Just ran across a sad story where Digital Ocean is accused of killing a startup:

... the startup spun up a bunch of servers to run some large batches of data processing, which triggered an abuse alert that shut off their account.

While this might have been a bit over-aggressive on Digital Ocean's part, overall, we would side with Digital Ocean here -- we are seeing more attacks from virtual hosts, presumably from attackers that spin up a bunch of virtual machines to attack other servers and then shut them down when the attack is over -- with utility pricing an attacker can do a lot of damage at pretty low cost.

But this really has little to do with Digital Ocean, specifically -- there are a bunch of ways reliance on a single vendor can cause major business disruption. We've written about other incidents along these lines before. No matter what service you use, you need to consider the risks associated with that service -- many of which have nothing to do with who the service is. Risks like:

  • Your account credentials get compromised, and an attacker deletes everything (or something) in it
  • Ransomware that gains access to your credentials, and encrypts your data
  • Hardware failure
  • Vendor goes out of business
  • Vendor gets acquired and changes their terms, or gets shut down (Google is notorious for shutting down services that "only" have 10 million users, and frequently acquires software companies)
  • Vendor otherwise changes their service in a way that no longer meets your needs
  • An attacker compromises your account through another account with insufficient separation from yours

All of these risks have various ways of mitigating them -- measures such as two-factor authentication, keeping offline backups or backups at an entirely unrelated service, using commodity services that make your data portable to other systems.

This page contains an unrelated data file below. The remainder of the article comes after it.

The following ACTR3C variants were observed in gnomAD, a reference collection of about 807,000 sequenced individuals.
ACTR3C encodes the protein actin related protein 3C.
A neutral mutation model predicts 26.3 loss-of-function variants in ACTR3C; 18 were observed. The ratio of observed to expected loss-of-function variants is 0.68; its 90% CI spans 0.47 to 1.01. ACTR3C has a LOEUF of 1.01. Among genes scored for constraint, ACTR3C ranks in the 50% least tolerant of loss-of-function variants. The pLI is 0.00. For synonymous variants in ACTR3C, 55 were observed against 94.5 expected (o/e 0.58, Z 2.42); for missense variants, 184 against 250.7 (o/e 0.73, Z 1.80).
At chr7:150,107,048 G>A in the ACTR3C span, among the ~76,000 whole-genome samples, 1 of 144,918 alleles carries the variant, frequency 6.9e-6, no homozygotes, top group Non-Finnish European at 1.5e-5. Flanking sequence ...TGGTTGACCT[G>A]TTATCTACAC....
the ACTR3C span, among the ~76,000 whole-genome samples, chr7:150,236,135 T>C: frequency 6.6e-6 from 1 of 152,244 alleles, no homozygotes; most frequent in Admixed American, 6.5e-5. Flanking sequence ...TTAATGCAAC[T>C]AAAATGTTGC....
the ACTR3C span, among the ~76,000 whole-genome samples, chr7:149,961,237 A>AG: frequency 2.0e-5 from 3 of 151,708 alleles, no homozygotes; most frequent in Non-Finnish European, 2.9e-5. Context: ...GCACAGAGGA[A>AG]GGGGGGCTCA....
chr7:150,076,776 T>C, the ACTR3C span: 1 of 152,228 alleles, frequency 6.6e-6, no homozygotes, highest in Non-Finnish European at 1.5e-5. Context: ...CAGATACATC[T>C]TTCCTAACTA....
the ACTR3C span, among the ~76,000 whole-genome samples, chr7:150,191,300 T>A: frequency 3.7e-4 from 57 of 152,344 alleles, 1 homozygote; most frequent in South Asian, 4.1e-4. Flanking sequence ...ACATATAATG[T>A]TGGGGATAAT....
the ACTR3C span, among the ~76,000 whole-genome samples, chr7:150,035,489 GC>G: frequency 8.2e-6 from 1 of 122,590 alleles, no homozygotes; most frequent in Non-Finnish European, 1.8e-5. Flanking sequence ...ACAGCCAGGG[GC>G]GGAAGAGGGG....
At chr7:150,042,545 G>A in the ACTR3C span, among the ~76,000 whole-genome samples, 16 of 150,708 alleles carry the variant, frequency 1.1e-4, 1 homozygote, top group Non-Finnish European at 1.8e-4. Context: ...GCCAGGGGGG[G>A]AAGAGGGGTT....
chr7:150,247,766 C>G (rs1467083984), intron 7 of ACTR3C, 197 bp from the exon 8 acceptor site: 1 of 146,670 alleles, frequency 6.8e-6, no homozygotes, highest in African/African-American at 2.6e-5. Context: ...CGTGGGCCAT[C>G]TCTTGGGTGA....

If you're ignoring these risks, you are making yourself vulnerable. In this case, Digital Ocean is already a commodity provider of virtual machines, so it's easy to switch to another provider if something goes horribly wrong there -- if you have your data safely backed up somewhere else. Apparently for many companies, this is a big "if"...

Many of the same risks apply to Amazon Web Services (AWS), which is considered the gold standard for this type of hosting.

We are customers of both services. We back up all of our Digital Ocean data at AWS, and all of our AWS data in Google Cloud Platform (GCP). We keep our configuration in code so we can spin up replacement servers at any of those servers and restore all data within an hour or two -- and we help our clients do the same.

The question is, how valuable is your website? If it's not worth much, or you're just starting out, it may make sense to take shortcuts and spend your resources elsewhere. But if it's worth much to your business, you should be protecting it from these risks!

And feel free to reach out if we can help you with some disaster recovery planning, or implementing redundant backups of your Drupal or WordPress site!

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